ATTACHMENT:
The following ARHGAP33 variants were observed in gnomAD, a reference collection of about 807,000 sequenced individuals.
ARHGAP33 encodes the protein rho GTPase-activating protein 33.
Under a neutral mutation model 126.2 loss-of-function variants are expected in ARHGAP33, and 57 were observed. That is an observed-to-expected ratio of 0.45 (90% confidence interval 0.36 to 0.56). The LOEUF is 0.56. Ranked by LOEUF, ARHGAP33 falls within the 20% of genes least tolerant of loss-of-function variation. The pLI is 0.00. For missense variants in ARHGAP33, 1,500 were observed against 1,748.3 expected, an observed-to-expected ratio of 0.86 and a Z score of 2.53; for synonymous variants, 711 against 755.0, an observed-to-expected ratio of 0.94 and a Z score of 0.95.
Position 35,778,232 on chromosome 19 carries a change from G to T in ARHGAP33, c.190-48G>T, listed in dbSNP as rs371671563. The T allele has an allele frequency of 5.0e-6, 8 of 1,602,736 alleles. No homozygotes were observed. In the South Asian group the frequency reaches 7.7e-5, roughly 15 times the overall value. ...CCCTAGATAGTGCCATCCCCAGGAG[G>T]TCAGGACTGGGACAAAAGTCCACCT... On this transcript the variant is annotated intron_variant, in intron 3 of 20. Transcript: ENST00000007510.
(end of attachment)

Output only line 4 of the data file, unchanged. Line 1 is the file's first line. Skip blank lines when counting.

Position 35,778,232 on chromosome 19 carries a change from G to T in ARHGAP33, c.190-48G>T, listed in dbSNP as rs371671563. The T allele has an allele frequency of 5.0e-6, 8 of 1,602,736 alleles. No homozygotes were observed. In the South Asian group the frequency reaches 7.7e-5, roughly 15 times the overall value. ...CCCTAGATAGTGCCATCCCCAGGAG[G>T]TCAGGACTGGGACAAAAGTCCACCT... On this transcript the variant is annotated intron_variant, in intron 3 of 20. Transcript: ENST00000007510.